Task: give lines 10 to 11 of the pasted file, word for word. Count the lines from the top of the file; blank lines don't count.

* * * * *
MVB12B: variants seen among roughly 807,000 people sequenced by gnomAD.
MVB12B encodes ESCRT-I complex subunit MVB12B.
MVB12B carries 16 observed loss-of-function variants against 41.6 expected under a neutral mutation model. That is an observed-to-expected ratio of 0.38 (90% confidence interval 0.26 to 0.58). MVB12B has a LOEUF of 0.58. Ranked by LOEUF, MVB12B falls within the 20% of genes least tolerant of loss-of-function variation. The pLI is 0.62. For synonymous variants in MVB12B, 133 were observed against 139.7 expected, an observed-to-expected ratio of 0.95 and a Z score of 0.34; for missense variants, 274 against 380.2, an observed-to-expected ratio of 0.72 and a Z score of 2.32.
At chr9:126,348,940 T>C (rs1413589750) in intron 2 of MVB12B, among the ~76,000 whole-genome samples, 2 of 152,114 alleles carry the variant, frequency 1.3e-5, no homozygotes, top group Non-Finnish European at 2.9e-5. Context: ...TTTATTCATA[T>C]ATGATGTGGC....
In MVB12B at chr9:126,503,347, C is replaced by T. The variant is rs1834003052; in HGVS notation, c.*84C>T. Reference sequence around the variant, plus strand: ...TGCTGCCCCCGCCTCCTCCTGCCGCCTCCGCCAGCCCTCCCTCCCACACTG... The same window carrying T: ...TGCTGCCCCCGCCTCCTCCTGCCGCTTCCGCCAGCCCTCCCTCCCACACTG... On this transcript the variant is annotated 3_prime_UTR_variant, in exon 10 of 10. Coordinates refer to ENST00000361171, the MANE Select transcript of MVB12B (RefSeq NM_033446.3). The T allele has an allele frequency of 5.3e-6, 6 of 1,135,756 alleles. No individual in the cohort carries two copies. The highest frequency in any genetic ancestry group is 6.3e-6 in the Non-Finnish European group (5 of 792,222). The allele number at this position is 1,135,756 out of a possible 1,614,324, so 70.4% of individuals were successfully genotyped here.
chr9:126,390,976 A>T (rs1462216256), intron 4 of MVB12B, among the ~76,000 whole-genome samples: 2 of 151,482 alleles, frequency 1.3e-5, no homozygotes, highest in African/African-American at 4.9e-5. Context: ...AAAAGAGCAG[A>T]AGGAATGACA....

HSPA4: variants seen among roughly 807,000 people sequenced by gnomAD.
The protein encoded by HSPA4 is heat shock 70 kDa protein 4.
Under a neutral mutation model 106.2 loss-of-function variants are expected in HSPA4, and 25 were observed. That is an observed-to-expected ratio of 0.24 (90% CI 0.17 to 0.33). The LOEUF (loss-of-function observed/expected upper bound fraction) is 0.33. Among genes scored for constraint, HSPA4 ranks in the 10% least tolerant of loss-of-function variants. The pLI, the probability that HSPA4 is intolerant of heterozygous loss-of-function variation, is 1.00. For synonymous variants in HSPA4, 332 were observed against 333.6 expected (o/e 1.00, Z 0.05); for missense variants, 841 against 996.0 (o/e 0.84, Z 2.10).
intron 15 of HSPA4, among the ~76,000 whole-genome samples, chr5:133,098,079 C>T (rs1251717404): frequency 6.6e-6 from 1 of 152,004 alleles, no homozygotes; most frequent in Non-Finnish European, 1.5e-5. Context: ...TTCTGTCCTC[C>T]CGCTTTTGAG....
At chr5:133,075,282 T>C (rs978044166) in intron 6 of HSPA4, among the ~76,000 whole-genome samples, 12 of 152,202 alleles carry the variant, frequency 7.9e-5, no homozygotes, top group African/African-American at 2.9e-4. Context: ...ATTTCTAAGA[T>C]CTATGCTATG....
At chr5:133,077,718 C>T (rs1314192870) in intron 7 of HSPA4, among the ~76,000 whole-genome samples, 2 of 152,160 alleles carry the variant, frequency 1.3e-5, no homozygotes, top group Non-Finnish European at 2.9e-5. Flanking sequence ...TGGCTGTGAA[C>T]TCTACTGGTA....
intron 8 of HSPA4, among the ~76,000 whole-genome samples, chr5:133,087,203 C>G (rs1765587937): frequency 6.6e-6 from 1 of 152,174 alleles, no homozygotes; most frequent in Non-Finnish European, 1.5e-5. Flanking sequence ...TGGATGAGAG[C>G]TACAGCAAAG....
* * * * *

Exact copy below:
intron 15 of HSPA4, among the ~76,000 whole-genome samples, chr5:133,098,079 C>T (rs1251717404): frequency 6.6e-6 from 1 of 152,004 alleles, no homozygotes; most frequent in Non-Finnish European, 1.5e-5. Context: ...TTCTGTCCTC[C>T]CGCTTTTGAG....
At chr5:133,075,282 T>C (rs978044166) in intron 6 of HSPA4, among the ~76,000 whole-genome samples, 12 of 152,202 alleles carry the variant, frequency 7.9e-5, no homozygotes, top group African/African-American at 2.9e-4. Context: ...ATTTCTAAGA[T>C]CTATGCTATG....